A legal fight against property taxes levied onto leased PV systems in Arizona has begun in earnest, with residential leasing companies SolarCity and SunRun filing a lawsuit on Monday.
The two companies are seeking legal redress in the Superior Court following the the Arizona Department of Revenue (DOR) decision earlier this year to end an exemption on property taxes applicable to third-party owned solar power systems on residential rooftops.
Both companies confirmed separately to PV Tech that the complaint had been filed and forwarded a copy of the official documents (see below). Bryan Miller, vice president of public policy at SunRun, told PV Tech that the company had yet to hear back from the department of revenue but also that SunRun had attempted to open a dialogue with the DOR prior to lodging the legal complaint.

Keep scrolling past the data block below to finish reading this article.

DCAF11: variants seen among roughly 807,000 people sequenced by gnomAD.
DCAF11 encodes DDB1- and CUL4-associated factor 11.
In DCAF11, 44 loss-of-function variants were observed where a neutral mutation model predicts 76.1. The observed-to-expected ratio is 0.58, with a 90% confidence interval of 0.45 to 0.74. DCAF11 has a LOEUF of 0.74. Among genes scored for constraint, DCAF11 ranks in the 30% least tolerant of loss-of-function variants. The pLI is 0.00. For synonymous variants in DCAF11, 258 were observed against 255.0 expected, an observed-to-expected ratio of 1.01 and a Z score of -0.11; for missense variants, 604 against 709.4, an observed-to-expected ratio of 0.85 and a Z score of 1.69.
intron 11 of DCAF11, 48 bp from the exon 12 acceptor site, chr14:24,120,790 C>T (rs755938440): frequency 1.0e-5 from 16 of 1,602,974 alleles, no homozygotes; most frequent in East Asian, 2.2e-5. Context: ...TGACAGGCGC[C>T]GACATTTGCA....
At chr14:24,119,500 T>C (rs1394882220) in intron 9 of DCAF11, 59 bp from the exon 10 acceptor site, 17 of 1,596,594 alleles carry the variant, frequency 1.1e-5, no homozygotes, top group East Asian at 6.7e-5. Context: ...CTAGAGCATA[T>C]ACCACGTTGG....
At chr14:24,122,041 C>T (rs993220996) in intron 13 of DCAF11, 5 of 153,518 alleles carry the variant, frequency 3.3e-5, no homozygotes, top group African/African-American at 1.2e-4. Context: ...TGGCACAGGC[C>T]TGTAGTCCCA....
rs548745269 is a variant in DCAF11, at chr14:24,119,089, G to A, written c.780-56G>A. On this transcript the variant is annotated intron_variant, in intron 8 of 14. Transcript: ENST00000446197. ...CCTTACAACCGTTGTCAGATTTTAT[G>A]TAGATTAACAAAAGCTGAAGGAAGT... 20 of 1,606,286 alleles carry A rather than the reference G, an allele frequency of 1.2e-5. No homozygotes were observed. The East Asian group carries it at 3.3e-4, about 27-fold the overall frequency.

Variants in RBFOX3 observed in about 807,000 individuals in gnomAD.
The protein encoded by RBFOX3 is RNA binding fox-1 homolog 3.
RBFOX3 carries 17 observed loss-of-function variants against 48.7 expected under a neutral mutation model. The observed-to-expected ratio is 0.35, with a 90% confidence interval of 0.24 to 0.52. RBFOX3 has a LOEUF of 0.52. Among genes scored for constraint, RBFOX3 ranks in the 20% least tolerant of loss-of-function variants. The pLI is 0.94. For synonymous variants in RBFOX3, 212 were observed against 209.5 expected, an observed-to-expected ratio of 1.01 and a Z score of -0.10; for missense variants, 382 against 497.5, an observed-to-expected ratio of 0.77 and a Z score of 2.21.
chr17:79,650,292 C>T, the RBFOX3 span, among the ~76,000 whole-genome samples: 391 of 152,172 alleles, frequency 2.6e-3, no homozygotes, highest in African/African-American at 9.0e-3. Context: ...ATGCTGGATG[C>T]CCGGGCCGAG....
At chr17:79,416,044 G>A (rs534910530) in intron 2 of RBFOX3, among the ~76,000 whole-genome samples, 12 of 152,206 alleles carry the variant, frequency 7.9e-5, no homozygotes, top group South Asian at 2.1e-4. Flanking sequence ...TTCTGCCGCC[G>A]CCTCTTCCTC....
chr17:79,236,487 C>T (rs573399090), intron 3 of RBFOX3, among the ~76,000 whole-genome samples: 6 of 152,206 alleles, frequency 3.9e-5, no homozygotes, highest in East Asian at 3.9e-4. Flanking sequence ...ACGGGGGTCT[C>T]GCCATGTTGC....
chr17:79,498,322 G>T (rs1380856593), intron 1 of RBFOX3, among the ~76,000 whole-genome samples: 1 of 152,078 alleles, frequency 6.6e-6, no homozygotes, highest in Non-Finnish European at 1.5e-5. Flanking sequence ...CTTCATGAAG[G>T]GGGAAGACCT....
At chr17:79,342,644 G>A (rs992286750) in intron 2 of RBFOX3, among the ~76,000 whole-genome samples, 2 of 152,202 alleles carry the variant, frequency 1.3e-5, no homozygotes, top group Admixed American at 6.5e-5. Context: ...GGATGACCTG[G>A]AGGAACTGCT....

“The Department of Revenue has not yet responded. There were attempts made at dialogue, however the DOR refused to revisit their position,” he said
Miller was adamant that the legal basis for his company’s complaint is solid.
“The Department of Revenue reinterpreted existing law to impose this tax. The law is clear – solar systems intended for on-site consumption add no value for property tax purposes.”
Miller also points out that as with any tax, the end user – in this case the householder with the leased system on their roof, rather than the leasing company which owns the system – will end up paying. Nonetheless they are keen to avoid that liability.
“The first taxes would be due October 2015. Between now and then, we'll take every opportunity possible to stop this tax,” Miller said.
PV Tech reported the story previously and spoke with Matt Feinstein, analyst at Colorado-based Lux Research, in May. He said the proposed changes “would nullify a significant part of the savings that distributed solar customers gain, so it would be very damaging [to the industry]”. Feinstein also argued it was likely the new development was another tactic to resist the increased deployment of solar.